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The Supreme Court of Canada in Ottawa on June 17, 2021.

Justin Tang/The Canadian Press

There was something ersatz about the controversy over the new governor-general’s lack of bilingualism – or rather, since Mary Simon is fluent in both English and Inuktitut, her lack of proficiency in French.

Francophone commentators who had never previously disclosed a belief that there should even be a representative of the Queen in Canada were suddenly greatly exercised that he or she should be able to speak both of Canada’s official languages.

Anglophone liberals, meanwhile, who would once have been the first to mount the barricades for official bilingualism, switched smoothly to denouncing the very idea as a colonialist outrage – joining conservatives, who never had much use for it.

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What everyone seemed to agree on was that it was hypocritical of Justin Trudeau, having made such a show of his commitment to bilingualism in public appointments until now, to ditch it the moment it came into conflict with his other grand obsession, diversity.

But of course he hasn’t really ditched it, has he? More likely, the rule has simply been amended: henceforth, bilingualism will not be required of diverse candidates, but only, er, non-diverse ones.

It’s hard to see how it could be otherwise. For fluency in both official languages is not distributed evenly among the population: it skews sharply by class, race, and region. People do not typically “pick up” a second language out of the air. They were either intensively trained in it as a child – in French-immersion courses that are overwhelmingly the preserve of the white and the well-to-do – or they live in a part of the country where they are likely to come into regular contact with both languages.

So a bilingualism requirement is likely to radically narrow the pool of available candidates – especially if it is layered on top of other prerequisites, like race, gender, or region. That doesn’t mean it should not be applied. But it does make the tradeoffs more acute, forcing us to think clearly about how much weight to attach to symbolism, and how much to the actual requirements of the job.

Of course, when the office in question is the governor-general, arguably, symbolism is a requirement of the job. But so is an ability to communicate. English and French may have been the languages of the colonists, but they are also the languages spoken by the vast majority – more than 90 per cent – of the population. No other language is even close.

Governors-general spend a lot of their time talking to the public. It makes sense that they should be able to do so in the languages that most of the public understand. So you could make a case that it should be an occupational requirement, even at the cost of narrowing the talent pool. At the least, it should be a consideration.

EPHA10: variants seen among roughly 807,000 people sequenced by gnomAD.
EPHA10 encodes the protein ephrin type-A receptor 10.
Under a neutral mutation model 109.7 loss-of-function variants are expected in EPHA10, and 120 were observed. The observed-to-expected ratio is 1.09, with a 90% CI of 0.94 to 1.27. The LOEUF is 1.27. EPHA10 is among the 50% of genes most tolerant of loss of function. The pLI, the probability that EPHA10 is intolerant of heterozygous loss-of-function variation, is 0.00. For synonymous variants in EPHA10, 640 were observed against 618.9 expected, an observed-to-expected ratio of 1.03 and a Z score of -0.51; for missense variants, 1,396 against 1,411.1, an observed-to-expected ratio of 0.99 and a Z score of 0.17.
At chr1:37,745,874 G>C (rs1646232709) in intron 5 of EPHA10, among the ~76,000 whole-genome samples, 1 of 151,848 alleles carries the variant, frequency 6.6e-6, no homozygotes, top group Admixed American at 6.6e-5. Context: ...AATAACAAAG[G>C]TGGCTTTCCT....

The same sort of cost-benefit analysis, however, would suggest it should not apply in the case of another high office: Supreme Court justices. Yet even as he was relaxing what had been an informal rule with regard to governors-general, the Prime Minister was responsible for legislation, Bill C-32, that would make it a legal requirement of appointees to the Court.

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This seems perverse. Supreme Court judges do not, as a rule, make public speeches. Neither are they obliged to work a rope line, or deal spontaneously with members of the public in a range of other settings. To the extent they appear in public at all, it is in a courtroom, where they have the benefit of some of the best interpreters in the country.

The Court has always been bilingual, in the sense that anyone may plead their case in the official language of their choice. But it has never previously been required that members of the Court should be obliged to hear them in that language. Neither has any evidence been produced to show that any miscarriage of justice has resulted. We’re quite good at simultaneous translation in this country, if you’ve noticed.

So the gains from requiring every Supreme Court appointee to be personally bilingual would appear murky, at best. On the other hand, the costs are abundantly clear. Judges from certain backgrounds – Indigenous, Western Canadian, immigrant, working class – are far less likely to have acquired fluency in both official languages. Should they be passed over in favour of less able jurists, who happen to be bilingual?

It would be one thing if bilingualism were a genuine requirement of the job, as vital as wisdom, reason and knowledge of the law – or diversity, for that matter. But as there is no evidence that it is nearly as important, it is hard to see why it should even be an informal prerequisite, let alone a legal one.

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